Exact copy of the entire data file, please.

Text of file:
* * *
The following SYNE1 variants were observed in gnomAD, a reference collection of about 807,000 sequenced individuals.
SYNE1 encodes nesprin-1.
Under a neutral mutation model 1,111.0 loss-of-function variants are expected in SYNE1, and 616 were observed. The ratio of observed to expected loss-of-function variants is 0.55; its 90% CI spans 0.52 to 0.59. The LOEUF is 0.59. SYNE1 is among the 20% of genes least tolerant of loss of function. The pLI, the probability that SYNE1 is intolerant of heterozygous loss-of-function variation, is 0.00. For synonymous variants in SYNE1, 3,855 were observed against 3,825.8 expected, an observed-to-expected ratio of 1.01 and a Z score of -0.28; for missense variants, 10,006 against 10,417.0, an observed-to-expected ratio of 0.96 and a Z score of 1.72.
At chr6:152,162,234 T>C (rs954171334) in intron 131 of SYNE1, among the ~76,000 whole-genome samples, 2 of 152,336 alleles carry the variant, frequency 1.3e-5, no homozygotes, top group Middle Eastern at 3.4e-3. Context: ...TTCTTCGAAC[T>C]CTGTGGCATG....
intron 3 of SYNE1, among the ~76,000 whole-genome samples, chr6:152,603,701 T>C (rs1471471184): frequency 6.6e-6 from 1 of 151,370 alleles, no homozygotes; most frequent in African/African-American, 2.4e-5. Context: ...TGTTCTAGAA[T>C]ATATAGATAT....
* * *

The following SYNE1 variants were observed in gnomAD, a reference collection of about 807,000 sequenced individuals.
SYNE1 encodes nesprin-1.
Under a neutral mutation model 1,111.0 loss-of-function variants are expected in SYNE1, and 616 were observed. The ratio of observed to expected loss-of-function variants is 0.55; its 90% CI spans 0.52 to 0.59. The LOEUF is 0.59. SYNE1 is among the 20% of genes least tolerant of loss of function. The pLI, the probability that SYNE1 is intolerant of heterozygous loss-of-function variation, is 0.00. For synonymous variants in SYNE1, 3,855 were observed against 3,825.8 expected, an observed-to-expected ratio of 1.01 and a Z score of -0.28; for missense variants, 10,006 against 10,417.0, an observed-to-expected ratio of 0.96 and a Z score of 1.72.
At chr6:152,162,234 T>C (rs954171334) in intron 131 of SYNE1, among the ~76,000 whole-genome samples, 2 of 152,336 alleles carry the variant, frequency 1.3e-5, no homozygotes, top group Middle Eastern at 3.4e-3. Context: ...TTCTTCGAAC[T>C]CTGTGGCATG....
intron 3 of SYNE1, among the ~76,000 whole-genome samples, chr6:152,603,701 T>C (rs1471471184): frequency 6.6e-6 from 1 of 151,370 alleles, no homozygotes; most frequent in African/African-American, 2.4e-5. Context: ...TGTTCTAGAA[T>C]ATATAGATAT....